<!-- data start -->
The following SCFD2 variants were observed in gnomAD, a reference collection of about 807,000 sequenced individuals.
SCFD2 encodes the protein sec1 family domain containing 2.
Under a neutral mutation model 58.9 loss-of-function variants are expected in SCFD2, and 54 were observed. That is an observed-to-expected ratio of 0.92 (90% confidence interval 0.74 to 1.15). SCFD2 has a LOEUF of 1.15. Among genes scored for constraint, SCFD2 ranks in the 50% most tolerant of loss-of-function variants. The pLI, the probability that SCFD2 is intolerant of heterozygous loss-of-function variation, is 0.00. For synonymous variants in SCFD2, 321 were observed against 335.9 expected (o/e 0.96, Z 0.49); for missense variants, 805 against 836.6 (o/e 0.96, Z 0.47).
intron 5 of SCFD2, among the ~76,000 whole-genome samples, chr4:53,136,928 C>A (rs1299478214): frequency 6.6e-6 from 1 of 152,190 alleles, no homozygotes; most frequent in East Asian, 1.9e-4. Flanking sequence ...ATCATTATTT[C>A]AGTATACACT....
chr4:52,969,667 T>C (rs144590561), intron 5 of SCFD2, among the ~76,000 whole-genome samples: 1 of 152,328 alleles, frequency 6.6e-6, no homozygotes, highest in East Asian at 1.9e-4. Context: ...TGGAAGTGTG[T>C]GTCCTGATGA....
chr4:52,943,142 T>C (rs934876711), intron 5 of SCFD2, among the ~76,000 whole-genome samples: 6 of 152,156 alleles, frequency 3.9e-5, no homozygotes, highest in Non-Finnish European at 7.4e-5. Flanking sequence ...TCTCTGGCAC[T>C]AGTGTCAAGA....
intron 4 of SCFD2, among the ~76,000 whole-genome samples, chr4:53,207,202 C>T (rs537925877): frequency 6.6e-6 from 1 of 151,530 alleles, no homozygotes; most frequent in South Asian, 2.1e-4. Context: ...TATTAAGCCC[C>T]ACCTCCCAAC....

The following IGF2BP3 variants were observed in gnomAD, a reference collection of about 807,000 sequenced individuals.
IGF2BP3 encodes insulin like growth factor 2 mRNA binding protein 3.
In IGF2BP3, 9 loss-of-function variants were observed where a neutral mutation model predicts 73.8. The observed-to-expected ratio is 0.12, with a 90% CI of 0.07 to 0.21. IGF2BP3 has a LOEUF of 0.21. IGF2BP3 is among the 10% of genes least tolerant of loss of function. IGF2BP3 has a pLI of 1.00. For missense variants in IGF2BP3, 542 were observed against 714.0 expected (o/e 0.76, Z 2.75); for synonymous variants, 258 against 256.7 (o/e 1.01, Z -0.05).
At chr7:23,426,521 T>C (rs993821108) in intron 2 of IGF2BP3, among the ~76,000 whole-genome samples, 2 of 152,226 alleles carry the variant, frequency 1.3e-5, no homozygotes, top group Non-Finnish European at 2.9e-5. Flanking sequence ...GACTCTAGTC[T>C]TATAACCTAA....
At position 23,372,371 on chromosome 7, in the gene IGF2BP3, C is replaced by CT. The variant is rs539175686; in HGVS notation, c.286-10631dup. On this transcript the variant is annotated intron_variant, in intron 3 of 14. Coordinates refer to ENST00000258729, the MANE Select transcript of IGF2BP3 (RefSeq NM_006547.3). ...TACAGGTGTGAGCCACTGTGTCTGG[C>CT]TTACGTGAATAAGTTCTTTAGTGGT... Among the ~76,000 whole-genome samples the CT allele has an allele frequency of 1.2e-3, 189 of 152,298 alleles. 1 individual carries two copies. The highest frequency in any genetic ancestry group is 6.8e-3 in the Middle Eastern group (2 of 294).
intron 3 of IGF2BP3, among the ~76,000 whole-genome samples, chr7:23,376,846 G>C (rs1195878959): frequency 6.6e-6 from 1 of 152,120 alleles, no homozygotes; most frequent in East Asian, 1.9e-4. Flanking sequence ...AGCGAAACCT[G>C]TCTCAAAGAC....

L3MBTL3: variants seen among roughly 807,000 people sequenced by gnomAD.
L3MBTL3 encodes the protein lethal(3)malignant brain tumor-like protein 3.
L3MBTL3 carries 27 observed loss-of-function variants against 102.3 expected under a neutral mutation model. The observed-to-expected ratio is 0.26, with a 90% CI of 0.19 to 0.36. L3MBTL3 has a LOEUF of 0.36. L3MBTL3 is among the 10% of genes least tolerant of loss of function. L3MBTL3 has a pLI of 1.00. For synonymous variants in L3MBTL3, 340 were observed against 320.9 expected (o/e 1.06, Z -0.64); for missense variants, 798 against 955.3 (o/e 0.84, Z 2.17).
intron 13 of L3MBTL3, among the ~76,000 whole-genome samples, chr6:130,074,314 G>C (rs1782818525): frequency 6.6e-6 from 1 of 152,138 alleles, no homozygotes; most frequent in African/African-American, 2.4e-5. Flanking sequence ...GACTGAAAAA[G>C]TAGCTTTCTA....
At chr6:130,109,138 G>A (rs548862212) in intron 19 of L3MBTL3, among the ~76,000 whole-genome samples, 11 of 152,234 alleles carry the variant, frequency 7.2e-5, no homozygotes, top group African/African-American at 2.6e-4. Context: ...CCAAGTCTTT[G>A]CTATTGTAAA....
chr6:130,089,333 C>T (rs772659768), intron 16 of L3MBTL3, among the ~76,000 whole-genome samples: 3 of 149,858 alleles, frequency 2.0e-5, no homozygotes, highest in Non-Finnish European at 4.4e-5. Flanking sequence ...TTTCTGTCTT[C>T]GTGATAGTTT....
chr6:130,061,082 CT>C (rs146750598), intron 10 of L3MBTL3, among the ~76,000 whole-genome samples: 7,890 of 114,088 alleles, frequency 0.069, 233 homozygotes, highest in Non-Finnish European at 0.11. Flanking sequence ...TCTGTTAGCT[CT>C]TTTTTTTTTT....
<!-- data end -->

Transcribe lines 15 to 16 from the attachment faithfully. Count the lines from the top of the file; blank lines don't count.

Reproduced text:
L3MBTL3 encodes the protein lethal(3)malignant brain tumor-like protein 3.
L3MBTL3 carries 27 observed loss-of-function variants against 102.3 expected under a neutral mutation model. The observed-to-expected ratio is 0.26, with a 90% CI of 0.19 to 0.36. L3MBTL3 has a LOEUF of 0.36. L3MBTL3 is among the 10% of genes least tolerant of loss of function. L3MBTL3 has a pLI of 1.00. For synonymous variants in L3MBTL3, 340 were observed against 320.9 expected (o/e 1.06, Z -0.64); for missense variants, 798 against 955.3 (o/e 0.84, Z 2.17).